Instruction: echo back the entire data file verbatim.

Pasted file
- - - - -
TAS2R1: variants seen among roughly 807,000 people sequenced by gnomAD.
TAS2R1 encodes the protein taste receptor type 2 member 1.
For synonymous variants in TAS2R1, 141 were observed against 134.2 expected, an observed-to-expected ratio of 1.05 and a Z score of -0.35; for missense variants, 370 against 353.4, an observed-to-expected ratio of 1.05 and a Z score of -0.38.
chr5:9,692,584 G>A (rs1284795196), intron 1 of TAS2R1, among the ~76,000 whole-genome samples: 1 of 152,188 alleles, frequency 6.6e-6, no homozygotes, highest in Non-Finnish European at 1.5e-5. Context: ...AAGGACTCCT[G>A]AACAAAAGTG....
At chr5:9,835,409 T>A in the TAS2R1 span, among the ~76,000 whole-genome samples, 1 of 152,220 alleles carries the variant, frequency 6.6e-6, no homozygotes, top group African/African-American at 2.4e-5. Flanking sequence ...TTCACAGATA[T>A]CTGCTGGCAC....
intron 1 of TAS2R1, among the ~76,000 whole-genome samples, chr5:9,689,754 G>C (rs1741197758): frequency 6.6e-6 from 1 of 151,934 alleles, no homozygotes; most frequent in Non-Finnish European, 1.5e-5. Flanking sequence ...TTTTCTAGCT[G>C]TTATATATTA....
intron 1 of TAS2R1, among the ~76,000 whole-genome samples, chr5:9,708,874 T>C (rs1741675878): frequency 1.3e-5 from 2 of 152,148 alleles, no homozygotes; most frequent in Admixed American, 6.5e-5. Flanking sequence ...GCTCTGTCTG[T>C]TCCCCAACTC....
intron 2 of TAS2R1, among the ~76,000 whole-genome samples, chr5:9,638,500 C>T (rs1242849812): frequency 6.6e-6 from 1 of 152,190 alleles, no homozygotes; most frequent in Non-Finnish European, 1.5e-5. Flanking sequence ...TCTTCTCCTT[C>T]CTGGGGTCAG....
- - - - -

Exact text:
TAS2R1: variants seen among roughly 807,000 people sequenced by gnomAD.
TAS2R1 encodes the protein taste receptor type 2 member 1.
For synonymous variants in TAS2R1, 141 were observed against 134.2 expected, an observed-to-expected ratio of 1.05 and a Z score of -0.35; for missense variants, 370 against 353.4, an observed-to-expected ratio of 1.05 and a Z score of -0.38.
chr5:9,692,584 G>A (rs1284795196), intron 1 of TAS2R1, among the ~76,000 whole-genome samples: 1 of 152,188 alleles, frequency 6.6e-6, no homozygotes, highest in Non-Finnish European at 1.5e-5. Context: ...AAGGACTCCT[G>A]AACAAAAGTG....
At chr5:9,835,409 T>A in the TAS2R1 span, among the ~76,000 whole-genome samples, 1 of 152,220 alleles carries the variant, frequency 6.6e-6, no homozygotes, top group African/African-American at 2.4e-5. Flanking sequence ...TTCACAGATA[T>A]CTGCTGGCAC....
intron 1 of TAS2R1, among the ~76,000 whole-genome samples, chr5:9,689,754 G>C (rs1741197758): frequency 6.6e-6 from 1 of 151,934 alleles, no homozygotes; most frequent in Non-Finnish European, 1.5e-5. Flanking sequence ...TTTTCTAGCT[G>C]TTATATATTA....
intron 1 of TAS2R1, among the ~76,000 whole-genome samples, chr5:9,708,874 T>C (rs1741675878): frequency 1.3e-5 from 2 of 152,148 alleles, no homozygotes; most frequent in Admixed American, 6.5e-5. Flanking sequence ...GCTCTGTCTG[T>C]TCCCCAACTC....
intron 2 of TAS2R1, among the ~76,000 whole-genome samples, chr5:9,638,500 C>T (rs1242849812): frequency 6.6e-6 from 1 of 152,190 alleles, no homozygotes; most frequent in Non-Finnish European, 1.5e-5. Flanking sequence ...TCTTCTCCTT[C>T]CTGGGGTCAG....